Why managed services should be a part of your cybersecurity team
The pandemic and the work-from-home movement has dramatically sped up digital transformation efforts across almost every organisation.
The upside includes a growing awareness of cybersecurity among the C-suite, and a deeper understanding of the role cyber resilience plays in modern business operations. At the strategic level, many directors and boards find themselves weighing the pros and cons for handling various cyber functions in-house, versus outsourcing them to a reputable partner. In this piece, I’ll be exploring the considerations involved, and what executives need to be looking at when considering this question.
Cybersecurity needs to be viewed like insurance
There’s a growing understanding that trying to benchmark costs for cybersecurity is a mostly meaningless exercise. Cybersecurity is better interpreted as a form of insurance, which means you first need to judge the value of what you’re trying to protect i.e. the data, systems and assets of your organisation. That should give you a sense of how to structure (and cost) your cybersecurity strategy. Keep in mind, this is not a static cost.
Cybersecurity risk is very dynamic; hackers and threat actors are continuously innovating and evolving, and your defences need to be able to keep up. This means there will be an ongoing risk management component when updating or upgrading your security measures.
Increasingly, hackers are becoming more sophisticated, more organised and more ambitious. Which means that every aspect of your cybersecurity defences, including people, processes and technology, need to be able to perform in a highly dynamic risk environment. Not every organisation is positioned to handle this kind of risk. This is where bringing in external partners to handle some, if not all, aspects of cybersecurity can be a viable solution.
When managed services make economic sense
While outsourcing business and operational functions is a growing trend in the digital economy, the business decision to adopt managed services must be driven by what the desired outcome is. If the goal is to protect key organisational assets, then the risks to those assets must be weighed against the internal capabilities of the organisation.
Developing an in-house cyber team with all the required tools and capabilities can be a very expensive proposition. The cost of recruiting skilled talent alone can be considerable. The latest data on the global cybersecurity skills gap shows that there will be 3.5 million unfilled cybersecurity jobs by 2021. This problem is especially acute for mid-market and large enterprises. It’s no wonder that many business leaders have realised that cybersecurity can be much more effective and efficient when handled by an external partner.
With the explosion in third-party providers across the corporate value chain, virtually every company now works with third-party providers in some capacity, simply because it makes more economic sense to do so. The value is proven: third parties can rapidly provide specialised capabilities which organisations cannot, or would prefer not to, commit their limited resources to.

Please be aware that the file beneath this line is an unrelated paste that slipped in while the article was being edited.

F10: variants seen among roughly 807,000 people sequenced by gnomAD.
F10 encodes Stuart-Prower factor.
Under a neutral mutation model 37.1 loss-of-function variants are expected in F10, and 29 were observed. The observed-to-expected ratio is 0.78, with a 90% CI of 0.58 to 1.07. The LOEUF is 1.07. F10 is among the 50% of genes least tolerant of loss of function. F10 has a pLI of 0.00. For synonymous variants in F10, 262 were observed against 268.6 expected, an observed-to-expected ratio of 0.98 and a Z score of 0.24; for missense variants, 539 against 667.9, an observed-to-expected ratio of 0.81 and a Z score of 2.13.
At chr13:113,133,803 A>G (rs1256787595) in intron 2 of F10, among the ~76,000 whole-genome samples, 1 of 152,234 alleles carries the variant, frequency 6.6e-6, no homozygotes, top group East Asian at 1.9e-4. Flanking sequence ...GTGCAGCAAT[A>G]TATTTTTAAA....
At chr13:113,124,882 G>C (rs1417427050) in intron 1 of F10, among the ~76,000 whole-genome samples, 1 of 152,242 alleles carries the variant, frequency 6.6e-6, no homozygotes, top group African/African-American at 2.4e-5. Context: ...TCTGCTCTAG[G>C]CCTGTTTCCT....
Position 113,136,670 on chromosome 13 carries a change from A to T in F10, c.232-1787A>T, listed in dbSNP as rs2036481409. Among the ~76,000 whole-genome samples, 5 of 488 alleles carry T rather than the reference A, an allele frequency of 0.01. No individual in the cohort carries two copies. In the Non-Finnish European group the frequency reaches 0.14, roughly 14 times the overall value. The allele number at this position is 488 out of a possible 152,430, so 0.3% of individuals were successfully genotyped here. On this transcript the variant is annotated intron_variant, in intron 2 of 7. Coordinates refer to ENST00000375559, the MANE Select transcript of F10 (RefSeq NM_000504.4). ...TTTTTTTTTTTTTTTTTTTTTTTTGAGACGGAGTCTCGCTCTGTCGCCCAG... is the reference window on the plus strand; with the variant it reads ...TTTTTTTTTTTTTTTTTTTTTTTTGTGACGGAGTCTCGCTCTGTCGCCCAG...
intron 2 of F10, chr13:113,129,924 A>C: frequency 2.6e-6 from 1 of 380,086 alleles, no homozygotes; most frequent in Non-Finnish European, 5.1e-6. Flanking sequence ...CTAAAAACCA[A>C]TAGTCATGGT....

Third-party providers and managed services also give organisations the flexibility to scale up or down according to need, as well as continually curate which specialist services they require.
Sharing the responsibility of cyber defence
The systemic nature of cyber risk makes it difficult to understand and manage. There’s no such thing as a ‘small’ vulnerability. Given the complex and interdependent business ecosystem most enterprises work in, a single point of failure at any point in the partner chain can be catastrophic across the board. Hackers are especially aware of this, which is why cybersecurity threats target complex systems and often aim to compromise the weaker partners in the corporate value chain.
Cybersecurity managed services providers can offer dedicated expertise, threat intelligence and risk identification capabilities which an internal team would not be able to match.
Managed cybersecurity service providers can also help keep insurance premiums down. Cyber insurance is quickly becoming a business necessity, and the premiums depend largely on how well-prepared an organisation is to handle cyber risks.
Third-party cybersecurity providers are often on the cutting-edge of cybersecurity technology, offering tools like machine learning, behavioural analytics, automated remediation and threat intelligence, as well as being capable of responding to emerging threats much more quickly than an in-house team. This can be a very attractive value proposition in terms of cost management and the level of protection offered.
In a nutshell, most organisations cannot match the efficiency, speed, technology and scope offered by managed cybersecurity services. While in-house cybersecurity teams do have their role to play, most enterprises need leaner and more effective solutions to manage their cyber risks, and managed services are ideally positioned to deliver on that need.